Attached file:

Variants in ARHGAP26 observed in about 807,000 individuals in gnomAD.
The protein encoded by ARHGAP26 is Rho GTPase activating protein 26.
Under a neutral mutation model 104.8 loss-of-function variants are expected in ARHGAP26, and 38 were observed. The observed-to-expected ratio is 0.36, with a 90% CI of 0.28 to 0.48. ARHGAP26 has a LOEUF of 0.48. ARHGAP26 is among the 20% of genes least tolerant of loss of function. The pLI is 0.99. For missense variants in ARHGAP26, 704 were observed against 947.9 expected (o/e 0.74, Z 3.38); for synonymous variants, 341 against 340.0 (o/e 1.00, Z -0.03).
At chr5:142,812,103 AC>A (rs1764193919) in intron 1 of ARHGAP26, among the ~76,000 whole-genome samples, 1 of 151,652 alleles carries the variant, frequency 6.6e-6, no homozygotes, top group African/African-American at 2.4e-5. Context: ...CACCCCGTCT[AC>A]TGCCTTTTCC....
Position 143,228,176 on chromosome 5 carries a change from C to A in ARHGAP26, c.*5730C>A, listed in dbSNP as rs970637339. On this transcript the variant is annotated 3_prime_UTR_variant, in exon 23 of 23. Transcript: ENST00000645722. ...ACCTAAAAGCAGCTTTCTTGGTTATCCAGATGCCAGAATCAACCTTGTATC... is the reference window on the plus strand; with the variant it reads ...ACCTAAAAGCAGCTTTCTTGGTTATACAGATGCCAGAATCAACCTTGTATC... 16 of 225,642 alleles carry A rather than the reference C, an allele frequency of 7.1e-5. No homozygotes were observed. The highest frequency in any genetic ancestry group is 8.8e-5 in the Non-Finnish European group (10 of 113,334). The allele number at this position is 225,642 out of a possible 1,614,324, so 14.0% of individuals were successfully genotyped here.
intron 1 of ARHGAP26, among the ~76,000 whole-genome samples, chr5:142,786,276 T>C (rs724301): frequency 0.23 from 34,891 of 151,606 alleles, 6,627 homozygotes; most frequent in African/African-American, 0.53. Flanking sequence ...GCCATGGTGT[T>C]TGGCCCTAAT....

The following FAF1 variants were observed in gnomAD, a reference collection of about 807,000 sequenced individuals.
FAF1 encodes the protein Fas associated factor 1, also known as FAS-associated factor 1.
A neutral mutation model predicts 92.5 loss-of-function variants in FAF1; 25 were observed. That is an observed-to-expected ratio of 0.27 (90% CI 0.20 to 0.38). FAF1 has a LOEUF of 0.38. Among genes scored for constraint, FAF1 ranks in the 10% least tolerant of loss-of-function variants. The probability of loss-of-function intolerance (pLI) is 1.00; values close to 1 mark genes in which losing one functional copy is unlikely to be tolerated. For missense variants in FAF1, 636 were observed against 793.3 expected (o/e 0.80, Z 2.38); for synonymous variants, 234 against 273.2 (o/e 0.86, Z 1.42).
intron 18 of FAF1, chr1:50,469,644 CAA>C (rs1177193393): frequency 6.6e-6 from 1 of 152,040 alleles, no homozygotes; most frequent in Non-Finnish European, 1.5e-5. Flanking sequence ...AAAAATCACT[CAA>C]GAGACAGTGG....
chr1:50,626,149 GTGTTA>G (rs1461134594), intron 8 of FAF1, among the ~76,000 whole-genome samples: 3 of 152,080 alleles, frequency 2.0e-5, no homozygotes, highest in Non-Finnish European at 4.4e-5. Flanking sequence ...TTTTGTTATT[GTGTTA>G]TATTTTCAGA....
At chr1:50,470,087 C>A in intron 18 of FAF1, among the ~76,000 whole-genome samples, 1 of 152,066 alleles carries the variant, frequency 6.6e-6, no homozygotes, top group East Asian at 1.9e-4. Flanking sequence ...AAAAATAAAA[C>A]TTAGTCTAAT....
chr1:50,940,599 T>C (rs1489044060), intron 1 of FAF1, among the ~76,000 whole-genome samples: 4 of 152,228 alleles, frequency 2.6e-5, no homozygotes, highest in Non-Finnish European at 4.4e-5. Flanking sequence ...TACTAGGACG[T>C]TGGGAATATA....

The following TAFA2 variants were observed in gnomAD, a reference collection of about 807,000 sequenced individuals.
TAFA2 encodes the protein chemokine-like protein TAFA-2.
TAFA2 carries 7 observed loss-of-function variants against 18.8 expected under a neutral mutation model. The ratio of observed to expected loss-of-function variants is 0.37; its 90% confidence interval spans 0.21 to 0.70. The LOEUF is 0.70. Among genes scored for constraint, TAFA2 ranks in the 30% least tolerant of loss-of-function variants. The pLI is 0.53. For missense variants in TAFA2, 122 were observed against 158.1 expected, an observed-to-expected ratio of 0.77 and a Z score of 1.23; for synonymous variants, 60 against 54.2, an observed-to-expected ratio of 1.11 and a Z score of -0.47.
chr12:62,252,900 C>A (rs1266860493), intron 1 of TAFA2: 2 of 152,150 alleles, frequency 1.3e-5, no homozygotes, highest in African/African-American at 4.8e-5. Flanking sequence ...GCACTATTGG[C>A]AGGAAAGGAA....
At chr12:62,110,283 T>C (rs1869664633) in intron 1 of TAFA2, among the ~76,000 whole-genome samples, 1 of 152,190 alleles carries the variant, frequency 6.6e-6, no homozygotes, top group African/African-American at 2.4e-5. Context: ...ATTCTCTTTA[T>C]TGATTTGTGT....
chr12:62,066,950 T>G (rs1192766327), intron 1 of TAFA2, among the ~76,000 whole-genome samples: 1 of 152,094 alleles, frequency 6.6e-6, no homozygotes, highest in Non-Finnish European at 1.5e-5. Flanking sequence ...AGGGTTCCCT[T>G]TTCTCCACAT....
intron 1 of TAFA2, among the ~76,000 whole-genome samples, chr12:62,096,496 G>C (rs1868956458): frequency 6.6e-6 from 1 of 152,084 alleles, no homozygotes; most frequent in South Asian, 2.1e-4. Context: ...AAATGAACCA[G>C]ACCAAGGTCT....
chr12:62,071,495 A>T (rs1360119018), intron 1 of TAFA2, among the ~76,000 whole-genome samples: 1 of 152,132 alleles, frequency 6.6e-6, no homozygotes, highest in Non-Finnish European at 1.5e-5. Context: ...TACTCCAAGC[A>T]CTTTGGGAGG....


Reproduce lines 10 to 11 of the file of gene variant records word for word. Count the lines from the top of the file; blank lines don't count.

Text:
intron 18 of FAF1, chr1:50,469,644 CAA>C (rs1177193393): frequency 6.6e-6 from 1 of 152,040 alleles, no homozygotes; most frequent in Non-Finnish European, 1.5e-5. Flanking sequence ...AAAAATCACT[CAA>C]GAGACAGTGG....
chr1:50,626,149 GTGTTA>G (rs1461134594), intron 8 of FAF1, among the ~76,000 whole-genome samples: 3 of 152,080 alleles, frequency 2.0e-5, no homozygotes, highest in Non-Finnish European at 4.4e-5. Flanking sequence ...TTTTGTTATT[GTGTTA>G]TATTTTCAGA....